Should a 12 year old be allowed to check out an R-Rated video? Is it censorship if we do not allow them to do so? In this opinion piece from the Spokesman Review, the writers state that it may be in the best interests of the library to abide by the rules that the movie theaters have. This may be easier to enforce in the public library setting: There are less people there, and it would be harder for the kiddies to get access to the films. What do y\'all think?\"The library can calm this tempest in a teapot by abiding by the rating label on the video cover. In the movie industry an R rating means children 17 and under are not to be allowed to see a movie unless accompanied by an adult. The library should adopt a similar policy: No one under age 18 should be allowed to check out one of its R-rated videos.\"
\"The library board used a similar common-sense approach last year when it revised guidelines for library Internet access. After months of controversy, the board agreed that youngsters under 18 would require a note from their parents to use computers with unfiltered Internet access. Religious conservatives had charged that the library\'s computers had provided children with easy access to pornography.\"
\"Understandably, Michele Veale, the library board president, is frustrated by the newest controversy: \"But where does it stop? A year ago, it was the Internet, today it\'s R-rated videos, tomorrow it\'s a particular author.\"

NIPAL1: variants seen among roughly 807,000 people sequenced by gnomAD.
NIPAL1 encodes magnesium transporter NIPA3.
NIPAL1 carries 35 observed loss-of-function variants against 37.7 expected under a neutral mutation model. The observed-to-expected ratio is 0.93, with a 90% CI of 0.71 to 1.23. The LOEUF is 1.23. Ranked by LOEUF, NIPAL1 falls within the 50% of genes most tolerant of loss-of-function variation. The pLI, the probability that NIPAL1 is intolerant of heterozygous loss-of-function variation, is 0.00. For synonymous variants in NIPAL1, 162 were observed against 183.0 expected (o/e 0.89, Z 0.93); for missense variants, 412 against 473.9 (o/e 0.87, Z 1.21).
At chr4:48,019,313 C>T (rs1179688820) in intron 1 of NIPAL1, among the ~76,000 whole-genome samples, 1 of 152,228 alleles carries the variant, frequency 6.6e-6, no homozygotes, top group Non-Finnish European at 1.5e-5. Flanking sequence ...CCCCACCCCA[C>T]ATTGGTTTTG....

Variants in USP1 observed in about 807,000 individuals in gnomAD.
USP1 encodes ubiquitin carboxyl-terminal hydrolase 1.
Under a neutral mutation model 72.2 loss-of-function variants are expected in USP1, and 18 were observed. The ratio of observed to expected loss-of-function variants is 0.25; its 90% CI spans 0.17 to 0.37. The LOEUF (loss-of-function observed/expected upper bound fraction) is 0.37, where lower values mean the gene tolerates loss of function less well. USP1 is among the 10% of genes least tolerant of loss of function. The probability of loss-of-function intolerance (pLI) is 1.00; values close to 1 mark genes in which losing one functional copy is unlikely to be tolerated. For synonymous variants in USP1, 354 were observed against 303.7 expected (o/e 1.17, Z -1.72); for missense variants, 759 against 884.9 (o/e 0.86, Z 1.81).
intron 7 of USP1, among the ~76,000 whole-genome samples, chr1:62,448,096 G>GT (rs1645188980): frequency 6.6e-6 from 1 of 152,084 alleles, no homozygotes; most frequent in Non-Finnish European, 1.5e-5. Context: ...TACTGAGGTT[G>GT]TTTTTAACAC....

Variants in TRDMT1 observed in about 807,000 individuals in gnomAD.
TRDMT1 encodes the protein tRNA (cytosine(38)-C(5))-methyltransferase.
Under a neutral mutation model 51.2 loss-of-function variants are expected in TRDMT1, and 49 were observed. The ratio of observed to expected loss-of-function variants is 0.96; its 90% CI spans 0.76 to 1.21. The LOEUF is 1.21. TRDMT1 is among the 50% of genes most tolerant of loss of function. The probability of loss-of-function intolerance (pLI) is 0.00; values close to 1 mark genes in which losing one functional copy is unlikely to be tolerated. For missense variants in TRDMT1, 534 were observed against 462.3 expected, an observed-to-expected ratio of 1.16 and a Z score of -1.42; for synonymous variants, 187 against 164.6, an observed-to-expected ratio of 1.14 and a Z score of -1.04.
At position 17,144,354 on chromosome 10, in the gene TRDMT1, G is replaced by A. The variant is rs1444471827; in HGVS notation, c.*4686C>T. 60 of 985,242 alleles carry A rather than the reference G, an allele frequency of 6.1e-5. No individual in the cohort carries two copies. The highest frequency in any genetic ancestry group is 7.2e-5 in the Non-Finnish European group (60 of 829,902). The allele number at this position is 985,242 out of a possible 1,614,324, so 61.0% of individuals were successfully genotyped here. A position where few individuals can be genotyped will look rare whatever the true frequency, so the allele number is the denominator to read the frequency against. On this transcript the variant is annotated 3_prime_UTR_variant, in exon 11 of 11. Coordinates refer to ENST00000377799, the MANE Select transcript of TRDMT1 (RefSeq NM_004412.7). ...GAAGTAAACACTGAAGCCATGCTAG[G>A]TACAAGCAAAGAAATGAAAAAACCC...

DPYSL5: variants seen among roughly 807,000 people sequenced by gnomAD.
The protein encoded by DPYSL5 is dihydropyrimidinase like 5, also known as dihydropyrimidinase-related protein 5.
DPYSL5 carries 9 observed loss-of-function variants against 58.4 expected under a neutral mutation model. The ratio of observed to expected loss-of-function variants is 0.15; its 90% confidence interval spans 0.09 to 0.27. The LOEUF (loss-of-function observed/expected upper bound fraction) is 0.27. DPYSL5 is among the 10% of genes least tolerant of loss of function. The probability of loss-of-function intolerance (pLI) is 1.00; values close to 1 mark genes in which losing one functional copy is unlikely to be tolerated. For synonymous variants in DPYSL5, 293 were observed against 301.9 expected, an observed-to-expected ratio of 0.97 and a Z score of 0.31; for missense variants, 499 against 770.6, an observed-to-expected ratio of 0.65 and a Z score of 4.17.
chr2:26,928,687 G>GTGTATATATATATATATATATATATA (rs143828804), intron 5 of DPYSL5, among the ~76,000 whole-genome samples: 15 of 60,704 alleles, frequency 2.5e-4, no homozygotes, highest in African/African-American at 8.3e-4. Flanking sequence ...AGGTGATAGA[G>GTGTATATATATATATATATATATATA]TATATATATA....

\"Indeed, libraries have to be careful not to be bullied by individuals from any side of the political spectrum. The list of classics that would be banned if every subgroup had its way would be impressive, starting with \"The Adventures of Huckleberry Finn,\" \"The Catcher in the Rye\" and the Harry Potter series. Yet, libraries also have to be sensitive to their constituency.\"
\"In Post Falls, religious conservatives not only raise an occasional ruckus about social issues but they also helped build the new $2 million library by voting to support its bond election three years ago. The taxes they paid to build the library and continue to pay to operate and maintain it give this group a vested interest in its programs and offerings. The library creates a them-against-us mentality by ignoring complaints about its small collection of R-rated videos\"